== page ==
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TitleThe Small Business Bible
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Document Text Contents
Page 2

Small Business


You Need to Know

to Succeed in

Your Small Business

Steven D. Strauss

John Wiley & Sons, Inc.


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how your phone is answered or how you deal with complaints to your
signs, logos, letterhead, and promotions. Whereas advertising essen-
tially brings in new clients, marketing not only does that, but it helps
keep them around. Marketing, more than anything else, is what
builds your brand, and an identifiable brand is the hook that gets
people to remember your business. And if they remember you, they
will likely buy from you. That is why marketing and branding are so

Think of it this way: Your business identity, your brand, is your
business personality. It is what people remember. Just as we some-
times meet easily forgettable people with blah personalities, so, too,
do we all run across far too many small businesses with little, if any,
personality. Forgettable businesses—what a waste. But by the same
token, when you meet someone with a large, identifiable personality,
you remember them, just as you do when you run across a business
with a distinctive personality.

Peter Drucker, the guru of modern business, says that marketing
is what your business is as seen through the eyes of your customers.
So what do your customers see when they look at your business? A
law office must be stately because the issues people need lawyers for
are serious. Legal clients want to see excellence, so the law office
needs an embossed letterhead, a prestigious address, and a proficient


Does Starbucks have a personality? You bet—hip, a bit laid back, friendly. How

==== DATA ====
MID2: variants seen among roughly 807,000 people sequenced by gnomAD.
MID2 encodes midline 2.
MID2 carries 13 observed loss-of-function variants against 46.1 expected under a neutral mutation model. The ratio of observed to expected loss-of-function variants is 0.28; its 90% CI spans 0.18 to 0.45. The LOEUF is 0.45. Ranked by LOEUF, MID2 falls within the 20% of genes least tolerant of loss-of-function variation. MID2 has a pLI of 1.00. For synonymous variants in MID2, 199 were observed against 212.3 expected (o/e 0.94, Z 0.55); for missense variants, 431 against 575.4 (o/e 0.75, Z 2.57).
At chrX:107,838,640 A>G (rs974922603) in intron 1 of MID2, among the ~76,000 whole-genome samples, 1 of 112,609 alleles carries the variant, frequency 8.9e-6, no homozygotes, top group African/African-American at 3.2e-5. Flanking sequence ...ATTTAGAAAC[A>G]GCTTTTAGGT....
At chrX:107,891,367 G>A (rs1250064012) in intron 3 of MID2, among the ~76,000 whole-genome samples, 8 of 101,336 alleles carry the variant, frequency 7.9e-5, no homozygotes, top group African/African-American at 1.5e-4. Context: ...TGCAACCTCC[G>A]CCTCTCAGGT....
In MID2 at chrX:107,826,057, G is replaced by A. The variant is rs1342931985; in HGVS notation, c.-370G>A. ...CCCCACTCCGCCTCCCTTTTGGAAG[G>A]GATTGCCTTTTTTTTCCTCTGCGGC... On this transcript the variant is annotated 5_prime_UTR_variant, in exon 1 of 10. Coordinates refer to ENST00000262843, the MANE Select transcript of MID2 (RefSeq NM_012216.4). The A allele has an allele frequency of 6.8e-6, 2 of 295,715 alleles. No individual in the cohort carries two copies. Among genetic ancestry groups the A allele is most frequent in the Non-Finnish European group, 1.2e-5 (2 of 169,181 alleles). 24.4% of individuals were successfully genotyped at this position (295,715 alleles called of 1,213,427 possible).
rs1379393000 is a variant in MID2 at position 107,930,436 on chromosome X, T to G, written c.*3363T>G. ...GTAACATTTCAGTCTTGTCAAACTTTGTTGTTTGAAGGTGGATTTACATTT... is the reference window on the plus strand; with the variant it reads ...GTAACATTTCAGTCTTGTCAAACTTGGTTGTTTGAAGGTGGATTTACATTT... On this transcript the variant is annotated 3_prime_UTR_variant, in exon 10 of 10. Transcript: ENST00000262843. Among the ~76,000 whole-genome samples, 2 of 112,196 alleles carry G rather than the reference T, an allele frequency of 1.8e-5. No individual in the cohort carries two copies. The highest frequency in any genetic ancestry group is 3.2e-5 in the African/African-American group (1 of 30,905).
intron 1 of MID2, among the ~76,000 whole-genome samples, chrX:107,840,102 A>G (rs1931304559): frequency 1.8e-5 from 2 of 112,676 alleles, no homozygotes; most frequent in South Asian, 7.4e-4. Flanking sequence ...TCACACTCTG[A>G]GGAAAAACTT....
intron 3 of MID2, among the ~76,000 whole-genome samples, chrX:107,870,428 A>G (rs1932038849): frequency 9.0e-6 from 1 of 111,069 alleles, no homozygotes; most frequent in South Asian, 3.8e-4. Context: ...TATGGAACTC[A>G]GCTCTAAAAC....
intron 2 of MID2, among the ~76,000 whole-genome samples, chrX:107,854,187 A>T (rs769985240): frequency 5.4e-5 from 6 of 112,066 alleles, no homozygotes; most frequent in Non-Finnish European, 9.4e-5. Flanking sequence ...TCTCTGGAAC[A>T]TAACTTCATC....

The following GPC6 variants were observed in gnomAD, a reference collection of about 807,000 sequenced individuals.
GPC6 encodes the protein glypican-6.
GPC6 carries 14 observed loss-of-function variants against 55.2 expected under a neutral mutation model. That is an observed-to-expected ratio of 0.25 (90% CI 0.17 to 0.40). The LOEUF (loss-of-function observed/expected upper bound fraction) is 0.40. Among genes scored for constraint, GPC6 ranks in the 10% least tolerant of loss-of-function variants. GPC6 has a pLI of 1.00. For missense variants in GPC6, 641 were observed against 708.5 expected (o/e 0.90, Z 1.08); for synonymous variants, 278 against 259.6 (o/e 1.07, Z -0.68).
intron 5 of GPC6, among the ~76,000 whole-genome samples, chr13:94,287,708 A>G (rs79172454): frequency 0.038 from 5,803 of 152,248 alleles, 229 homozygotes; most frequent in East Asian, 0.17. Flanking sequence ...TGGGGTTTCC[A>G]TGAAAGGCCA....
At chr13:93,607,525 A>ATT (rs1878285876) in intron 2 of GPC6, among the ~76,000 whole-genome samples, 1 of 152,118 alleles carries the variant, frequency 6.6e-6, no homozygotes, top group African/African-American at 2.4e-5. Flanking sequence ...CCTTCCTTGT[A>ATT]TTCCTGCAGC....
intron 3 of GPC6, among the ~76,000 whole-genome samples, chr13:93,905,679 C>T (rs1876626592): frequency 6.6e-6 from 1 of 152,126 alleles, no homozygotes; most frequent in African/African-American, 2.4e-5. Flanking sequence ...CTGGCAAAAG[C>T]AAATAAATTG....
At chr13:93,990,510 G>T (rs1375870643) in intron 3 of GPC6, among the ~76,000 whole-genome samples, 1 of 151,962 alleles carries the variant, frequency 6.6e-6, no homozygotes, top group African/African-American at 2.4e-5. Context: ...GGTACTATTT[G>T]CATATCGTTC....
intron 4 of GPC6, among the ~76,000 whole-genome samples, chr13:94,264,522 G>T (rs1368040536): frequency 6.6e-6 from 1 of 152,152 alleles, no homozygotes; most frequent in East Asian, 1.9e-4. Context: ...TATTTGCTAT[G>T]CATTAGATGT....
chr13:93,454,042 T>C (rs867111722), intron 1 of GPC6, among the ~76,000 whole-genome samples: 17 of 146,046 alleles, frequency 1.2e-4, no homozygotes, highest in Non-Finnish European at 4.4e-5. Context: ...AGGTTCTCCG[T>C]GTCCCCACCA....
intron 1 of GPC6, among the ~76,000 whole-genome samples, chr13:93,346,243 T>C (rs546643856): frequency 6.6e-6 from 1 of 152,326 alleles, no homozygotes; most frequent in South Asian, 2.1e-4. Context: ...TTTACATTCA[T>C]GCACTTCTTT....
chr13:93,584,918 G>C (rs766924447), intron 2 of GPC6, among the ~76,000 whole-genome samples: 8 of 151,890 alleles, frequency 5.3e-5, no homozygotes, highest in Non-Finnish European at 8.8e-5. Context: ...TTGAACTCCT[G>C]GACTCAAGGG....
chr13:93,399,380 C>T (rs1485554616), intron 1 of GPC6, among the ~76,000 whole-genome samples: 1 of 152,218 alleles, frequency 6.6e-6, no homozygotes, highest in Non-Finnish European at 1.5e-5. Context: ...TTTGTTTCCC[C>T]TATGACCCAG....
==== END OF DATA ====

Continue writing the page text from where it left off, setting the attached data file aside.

did Starbucks create that brand? By consistently reinforcing it with everything

they do. From the décor of their stores to the personality of their baristas to

the choice of music they play and sell (oh yes, and their coffee), Starbucks con-

sistently tells you that theirs is a cool place to hang out, even if it does cost a

bit more. That is what you want. You create that distinctive personality, that

memorable brand, by marketing a consistent theme.

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receptionist, for starters. Their marketing materials must be profes-
sional and elegant. All are different aspects of the interwoven mar-
keting campaign intended to get clients to believe in the firm enough
to hire it.

So marketing is the process of getting customers and potential cus-
tomers to perceive value in what you offer. There are so many different
marketing methods available that it is impossible to cover them all in a
single chapter. This chapter, therefore, is devoted to relaying some of
the more powerful, easily implementable ones. Chapter 35, Marketing
on a Shoestring, covers scores of other ways to promote and grow your
business with little money.

Marketing Plans

A marketing plan should not be new to you, but it probably is. If you
drafted a business plan, your marketing plan is a major section, and it
should be reviewed. However, the fact is, if yours is like most other
small businesses, you have neither a business nor a marketing plan.
That is fine. It is not required. The five-step process discussed in the
previous chapter can easily be adopted here as well.

1. Think ahead: What is the purpose, size, and budget for your mar-
keting campaign?

2. Decide what media might work best for your business, brand, and

3. Come up with some marketing materials that build on that brand.
4. Test the materials, if applicable.
5. Once you are convinced that you have a marketing method that

works, roll it out.

Just as you were advised to come up with an ad campaign and